• Increase funding for marine sciences and distribute financial resources equitably across disciplines and geographies for the development of integrated solutions in favor of ocean protection and societal adaptation;
  • Ensure sustainable research practices which respect the ocean (eco-friendly marine vessels, prohibition of single-use plastic, carbon budgeting);
  • Facilitate the mobility and exchanges of scientists, including Early Career Researchers and local marine actors;
  • Invest in new generations of marine researchers, including improving the quality of life of Ph.D. students and post-doctoral researchers;
  • Increase the number of available permanent positions in research to sustain long-term research projects, for a better understanding of the ocean in a changing world;
  • Better manage, integrate, centralize and exploit ocean data that have been collected at different levels and times to improve understanding of the ocean in response to changes;
  • Develop new data management and analysis tools to facilitate ocean monitoring and surveillance.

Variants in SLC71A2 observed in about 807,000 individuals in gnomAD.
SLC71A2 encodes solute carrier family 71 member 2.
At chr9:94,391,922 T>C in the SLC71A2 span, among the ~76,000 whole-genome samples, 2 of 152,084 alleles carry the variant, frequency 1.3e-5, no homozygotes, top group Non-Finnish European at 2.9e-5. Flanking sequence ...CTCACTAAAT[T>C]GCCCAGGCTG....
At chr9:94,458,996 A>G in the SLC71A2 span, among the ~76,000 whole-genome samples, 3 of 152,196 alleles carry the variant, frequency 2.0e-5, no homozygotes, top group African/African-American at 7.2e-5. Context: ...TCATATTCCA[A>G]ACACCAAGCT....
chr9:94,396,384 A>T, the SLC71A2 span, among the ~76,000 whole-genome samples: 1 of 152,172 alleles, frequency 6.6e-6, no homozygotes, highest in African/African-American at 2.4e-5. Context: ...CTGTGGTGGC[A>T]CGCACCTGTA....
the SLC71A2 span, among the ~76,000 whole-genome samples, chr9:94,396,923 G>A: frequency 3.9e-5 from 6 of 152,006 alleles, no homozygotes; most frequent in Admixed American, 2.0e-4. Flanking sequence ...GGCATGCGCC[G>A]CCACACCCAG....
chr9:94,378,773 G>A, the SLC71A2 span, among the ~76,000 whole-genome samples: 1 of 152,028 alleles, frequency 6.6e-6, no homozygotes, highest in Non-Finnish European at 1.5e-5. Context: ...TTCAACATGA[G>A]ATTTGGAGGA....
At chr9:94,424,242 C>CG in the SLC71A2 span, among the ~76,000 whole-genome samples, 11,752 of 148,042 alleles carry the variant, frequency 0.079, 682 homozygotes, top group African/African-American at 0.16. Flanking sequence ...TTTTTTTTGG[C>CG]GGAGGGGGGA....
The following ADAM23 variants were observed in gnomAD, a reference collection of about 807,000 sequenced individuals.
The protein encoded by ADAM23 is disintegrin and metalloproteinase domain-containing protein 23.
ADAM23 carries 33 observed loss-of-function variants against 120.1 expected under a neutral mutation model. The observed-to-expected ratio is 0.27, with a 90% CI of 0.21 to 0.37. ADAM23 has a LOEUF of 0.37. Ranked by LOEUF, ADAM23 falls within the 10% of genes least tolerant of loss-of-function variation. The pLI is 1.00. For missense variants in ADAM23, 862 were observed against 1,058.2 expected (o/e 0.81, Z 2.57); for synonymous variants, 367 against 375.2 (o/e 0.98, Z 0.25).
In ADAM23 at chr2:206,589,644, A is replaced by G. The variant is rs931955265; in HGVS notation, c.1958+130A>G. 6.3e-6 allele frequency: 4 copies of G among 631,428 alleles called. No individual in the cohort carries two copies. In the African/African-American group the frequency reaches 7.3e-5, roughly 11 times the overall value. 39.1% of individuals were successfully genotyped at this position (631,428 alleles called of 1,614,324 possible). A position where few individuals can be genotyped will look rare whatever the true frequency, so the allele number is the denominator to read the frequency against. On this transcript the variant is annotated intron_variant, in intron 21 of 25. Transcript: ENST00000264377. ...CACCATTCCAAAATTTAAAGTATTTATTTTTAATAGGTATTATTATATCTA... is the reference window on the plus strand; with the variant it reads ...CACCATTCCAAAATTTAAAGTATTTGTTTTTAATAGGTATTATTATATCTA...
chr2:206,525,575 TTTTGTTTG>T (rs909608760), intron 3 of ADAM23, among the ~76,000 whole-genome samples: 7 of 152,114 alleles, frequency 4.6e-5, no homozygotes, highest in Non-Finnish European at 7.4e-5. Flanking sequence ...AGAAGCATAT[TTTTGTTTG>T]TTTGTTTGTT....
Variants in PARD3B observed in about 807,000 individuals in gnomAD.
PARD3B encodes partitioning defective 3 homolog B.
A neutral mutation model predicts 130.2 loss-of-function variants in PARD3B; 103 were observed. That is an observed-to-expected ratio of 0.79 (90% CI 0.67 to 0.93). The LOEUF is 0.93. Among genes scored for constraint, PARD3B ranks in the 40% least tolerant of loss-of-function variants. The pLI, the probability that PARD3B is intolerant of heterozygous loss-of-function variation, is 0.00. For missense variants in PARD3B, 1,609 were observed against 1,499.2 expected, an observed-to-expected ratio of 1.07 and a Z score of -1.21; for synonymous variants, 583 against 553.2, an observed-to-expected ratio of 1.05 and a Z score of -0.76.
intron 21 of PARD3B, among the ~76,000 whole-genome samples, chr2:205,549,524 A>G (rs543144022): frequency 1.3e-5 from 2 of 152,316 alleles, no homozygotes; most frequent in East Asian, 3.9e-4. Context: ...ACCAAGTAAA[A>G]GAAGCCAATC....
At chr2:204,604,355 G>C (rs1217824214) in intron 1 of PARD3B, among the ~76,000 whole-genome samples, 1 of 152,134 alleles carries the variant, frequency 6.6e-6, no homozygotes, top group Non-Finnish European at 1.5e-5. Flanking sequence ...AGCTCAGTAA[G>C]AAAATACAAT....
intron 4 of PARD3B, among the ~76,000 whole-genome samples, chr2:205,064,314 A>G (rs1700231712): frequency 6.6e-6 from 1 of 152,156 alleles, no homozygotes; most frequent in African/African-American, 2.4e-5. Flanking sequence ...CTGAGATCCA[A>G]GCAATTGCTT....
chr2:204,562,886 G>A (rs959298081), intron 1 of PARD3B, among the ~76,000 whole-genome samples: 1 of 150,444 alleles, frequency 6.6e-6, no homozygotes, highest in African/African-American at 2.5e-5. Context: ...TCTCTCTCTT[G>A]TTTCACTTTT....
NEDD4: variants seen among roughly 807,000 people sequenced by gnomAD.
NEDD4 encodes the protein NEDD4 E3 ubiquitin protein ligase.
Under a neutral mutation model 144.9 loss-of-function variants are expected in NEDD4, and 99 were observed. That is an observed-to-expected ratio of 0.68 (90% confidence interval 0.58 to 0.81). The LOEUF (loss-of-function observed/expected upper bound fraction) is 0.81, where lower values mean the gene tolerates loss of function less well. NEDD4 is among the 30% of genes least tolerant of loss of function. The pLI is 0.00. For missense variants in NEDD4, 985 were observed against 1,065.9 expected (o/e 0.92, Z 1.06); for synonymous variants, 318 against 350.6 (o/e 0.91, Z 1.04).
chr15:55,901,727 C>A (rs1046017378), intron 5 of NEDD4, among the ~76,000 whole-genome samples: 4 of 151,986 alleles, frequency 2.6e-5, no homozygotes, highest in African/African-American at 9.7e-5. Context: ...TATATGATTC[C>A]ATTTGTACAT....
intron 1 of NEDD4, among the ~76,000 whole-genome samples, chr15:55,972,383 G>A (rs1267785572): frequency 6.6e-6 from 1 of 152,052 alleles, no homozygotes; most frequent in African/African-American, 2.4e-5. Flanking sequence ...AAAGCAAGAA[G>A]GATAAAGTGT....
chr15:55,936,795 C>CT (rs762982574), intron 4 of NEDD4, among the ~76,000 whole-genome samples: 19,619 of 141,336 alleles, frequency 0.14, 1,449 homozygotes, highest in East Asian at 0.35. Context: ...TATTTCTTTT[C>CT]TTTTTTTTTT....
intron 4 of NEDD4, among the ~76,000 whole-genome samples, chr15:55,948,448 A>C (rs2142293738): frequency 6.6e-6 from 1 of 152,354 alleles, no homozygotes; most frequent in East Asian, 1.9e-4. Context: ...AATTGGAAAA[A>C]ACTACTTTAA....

IV.2.  Make the ocean an integral part of an environmental education program

Educational structures are a powerful tool to promote ocean literacy and raise awareness of anthropogenic pressures and threats. To ensure the legacy of SDG 14, an environmental curriculum including the ocean should be implemented in schools to enhance children’s connection to the marine environment.

  • Create an environmental curriculum including the ocean in national educational programs, in line with local socio-environmental contexts, and support its implementation across countries, including small island developing States and the least developed countries:
  • Enhance children’s familiarity of the marine environment by setting up projects related to the ocean for each level, structured around science-based interactive and in-person experiences, to build connections with the ocean and appreciate the services it provides;
  • Transform societies into sustainable socio-ecosystems to preserve resilient ecosystem services and cultural heritage for all generations.

 

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Photo credit

Eva Ternon / UPMC

Contact

Romain Le Moal / UBO